Cedar Rapids, Iowa-based independent broker/dealer Berthel Fisher, which has a couple hundred advisors, is in advanced discussions to be acquired by Cetera, according to sources close to the investment banking community. Other b/ds have looked at buying Berthel Fisher, but Cetera is the only one that has submitted a bid so far.
The two companies have been in discussions for at least the past month, and any deal would likely be an asset sale, said one investment banking source, who declined to be named.
Another source close to the investment banking community said the deal would likely be done soon and would be a semi-distressed transaction. If it were to go through, Berthel Fisher would likely join Cetera Advisor Networks, the firm’s broker/dealer for large branch offices, as a super office of supervisory jurisdiction. This is what Cetera did with Summit Brokerage and Girard Securities.
Cetera spokesman Sean Mogle declined to comment for the story. Tom Berthel, CEO, president and chairman of Berthel Fisher, did not return emails requesting comment, and his assistant did not return a call by press time.
Berthel Fisher includes its IBD as well as Securities Management & Research, its insurance-based b/d; BFC Planning, its corporate RIA; and Berthel Fisher & Company Insurance, its insurance agency. The firm clears through National Financial Services. Cetera Advisor Networks clears through Pershing.
A former employee of the firm, who also declined to be named, said it would make sense that Berthel Fisher would be selling because the firm has been unusually tight-lipped lately. But it surprised him they would go with Cetera.
Jonathan Henschen, president of the recruiting firm Henschen & Associates in Marine on St. Croix, Minn., also said it would make sense for the firm to seek a buyer, given the current environment.
“If there would be any trigger currently that I could see to motivate small and midsized firms to sell, it would be the near zero interest rates on money market sweep accounts,” Henschen said. “This is hard on all firms but especially difficult for small and midsized firms that lack the cushion that scale provides.”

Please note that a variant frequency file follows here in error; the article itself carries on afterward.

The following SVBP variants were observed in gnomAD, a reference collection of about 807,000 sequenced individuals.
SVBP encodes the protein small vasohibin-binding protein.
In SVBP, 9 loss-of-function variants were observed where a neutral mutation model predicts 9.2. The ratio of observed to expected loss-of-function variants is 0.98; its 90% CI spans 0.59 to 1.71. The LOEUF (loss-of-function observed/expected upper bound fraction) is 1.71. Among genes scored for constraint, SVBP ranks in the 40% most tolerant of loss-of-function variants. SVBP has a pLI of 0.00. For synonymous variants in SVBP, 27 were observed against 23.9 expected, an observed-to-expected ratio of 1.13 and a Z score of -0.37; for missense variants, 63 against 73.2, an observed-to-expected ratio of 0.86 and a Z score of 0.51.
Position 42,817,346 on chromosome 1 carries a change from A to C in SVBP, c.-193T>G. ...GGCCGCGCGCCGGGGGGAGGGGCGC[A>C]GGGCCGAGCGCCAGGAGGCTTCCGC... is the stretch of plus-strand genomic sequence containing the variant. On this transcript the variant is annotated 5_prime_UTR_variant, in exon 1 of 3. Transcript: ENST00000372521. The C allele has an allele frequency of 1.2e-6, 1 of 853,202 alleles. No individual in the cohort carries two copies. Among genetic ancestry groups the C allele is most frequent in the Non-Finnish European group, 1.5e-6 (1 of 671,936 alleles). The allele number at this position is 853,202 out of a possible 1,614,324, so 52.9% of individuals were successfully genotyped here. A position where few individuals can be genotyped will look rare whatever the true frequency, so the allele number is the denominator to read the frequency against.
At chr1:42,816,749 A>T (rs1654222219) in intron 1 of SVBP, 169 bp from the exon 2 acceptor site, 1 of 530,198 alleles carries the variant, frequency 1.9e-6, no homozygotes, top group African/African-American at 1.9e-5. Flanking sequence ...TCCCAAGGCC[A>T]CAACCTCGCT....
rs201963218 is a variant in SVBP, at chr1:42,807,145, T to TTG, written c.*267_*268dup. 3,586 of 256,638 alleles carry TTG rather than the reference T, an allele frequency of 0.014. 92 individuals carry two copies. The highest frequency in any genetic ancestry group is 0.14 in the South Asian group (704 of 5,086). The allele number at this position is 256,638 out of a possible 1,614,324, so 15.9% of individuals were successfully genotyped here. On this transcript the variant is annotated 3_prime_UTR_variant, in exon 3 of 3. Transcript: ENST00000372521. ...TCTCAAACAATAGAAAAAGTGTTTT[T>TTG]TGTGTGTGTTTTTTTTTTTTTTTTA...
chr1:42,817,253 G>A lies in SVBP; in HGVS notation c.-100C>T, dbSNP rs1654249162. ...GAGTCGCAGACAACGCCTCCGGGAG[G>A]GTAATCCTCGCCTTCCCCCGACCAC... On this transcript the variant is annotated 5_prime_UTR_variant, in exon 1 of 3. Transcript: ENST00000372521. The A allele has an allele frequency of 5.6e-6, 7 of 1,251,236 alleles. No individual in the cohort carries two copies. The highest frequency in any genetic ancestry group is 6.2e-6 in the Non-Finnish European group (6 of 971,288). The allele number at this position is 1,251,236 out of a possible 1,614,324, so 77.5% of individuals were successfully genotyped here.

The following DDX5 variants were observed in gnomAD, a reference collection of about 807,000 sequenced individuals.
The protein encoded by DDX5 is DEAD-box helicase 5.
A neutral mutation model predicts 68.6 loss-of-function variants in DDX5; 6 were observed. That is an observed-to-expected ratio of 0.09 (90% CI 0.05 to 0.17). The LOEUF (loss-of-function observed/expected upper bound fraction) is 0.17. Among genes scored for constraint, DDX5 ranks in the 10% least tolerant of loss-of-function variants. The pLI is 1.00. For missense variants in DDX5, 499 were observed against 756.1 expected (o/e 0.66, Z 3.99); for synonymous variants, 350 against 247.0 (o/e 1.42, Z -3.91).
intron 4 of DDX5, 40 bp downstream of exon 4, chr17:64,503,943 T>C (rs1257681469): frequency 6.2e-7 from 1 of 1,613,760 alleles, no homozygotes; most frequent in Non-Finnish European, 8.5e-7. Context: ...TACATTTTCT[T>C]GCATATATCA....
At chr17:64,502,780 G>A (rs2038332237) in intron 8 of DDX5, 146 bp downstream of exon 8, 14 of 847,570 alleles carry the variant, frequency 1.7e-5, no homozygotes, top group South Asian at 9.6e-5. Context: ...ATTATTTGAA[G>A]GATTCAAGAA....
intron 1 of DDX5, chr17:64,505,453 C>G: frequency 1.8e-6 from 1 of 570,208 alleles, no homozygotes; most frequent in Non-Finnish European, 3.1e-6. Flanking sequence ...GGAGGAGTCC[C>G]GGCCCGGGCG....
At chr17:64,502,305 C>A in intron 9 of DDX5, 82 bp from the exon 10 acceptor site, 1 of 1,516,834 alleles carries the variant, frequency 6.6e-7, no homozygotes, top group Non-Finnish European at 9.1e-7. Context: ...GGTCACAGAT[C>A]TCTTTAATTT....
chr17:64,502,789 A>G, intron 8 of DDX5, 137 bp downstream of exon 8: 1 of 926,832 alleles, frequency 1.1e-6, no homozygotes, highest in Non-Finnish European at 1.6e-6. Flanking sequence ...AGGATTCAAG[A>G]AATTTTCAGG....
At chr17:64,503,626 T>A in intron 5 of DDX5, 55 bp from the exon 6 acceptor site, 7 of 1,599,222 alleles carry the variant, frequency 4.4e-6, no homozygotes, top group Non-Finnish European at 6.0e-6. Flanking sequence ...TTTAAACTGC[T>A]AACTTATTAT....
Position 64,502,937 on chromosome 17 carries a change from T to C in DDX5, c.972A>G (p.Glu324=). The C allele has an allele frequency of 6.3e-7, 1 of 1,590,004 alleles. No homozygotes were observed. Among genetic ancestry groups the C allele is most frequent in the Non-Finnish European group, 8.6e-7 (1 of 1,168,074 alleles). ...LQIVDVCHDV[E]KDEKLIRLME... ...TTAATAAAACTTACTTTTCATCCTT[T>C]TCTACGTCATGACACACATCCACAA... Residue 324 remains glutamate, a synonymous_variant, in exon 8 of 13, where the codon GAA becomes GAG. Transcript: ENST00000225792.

But Berthel Fisher has also faced a number of regulatory and legal expenses in the past few years due to sales of problematic alternative investments, including nontraded REITs, and two sources close to the investment banking community believe that’s contributing to the firm’s need to sell. Last July, for instance, a FINRA panel awarded $1.16 million to clients of the firm who were sold complex alternatives, including equipment leases, direct participation programs and REITs. And in early 2014, FINRA fined the firm and its affiliate Securities Management & Research $775,000 for failing to supervise sales of nontraded REITs and leveraged and inverse ETFs.
Many large broker/dealers have taken such complex alternatives off their shelves given the regulatory and legal risks of selling them. One investment banking source was surprised Cetera would be interested in Berthel Fisher, given its history of selling such products.
“It just seems odd that today, with the world in disarray and all the major firms including Cetera choosing not to sell these types of products, that you would buy a firm that specializes in selling these type of products,” he said.
To that end, it feels more like a head count or asset grab on Cetera’s part, he added.
“To me it just feels like they’re trying to add advisors and assets by doing fold-in acquisitions that really don’t fit any of their business models.”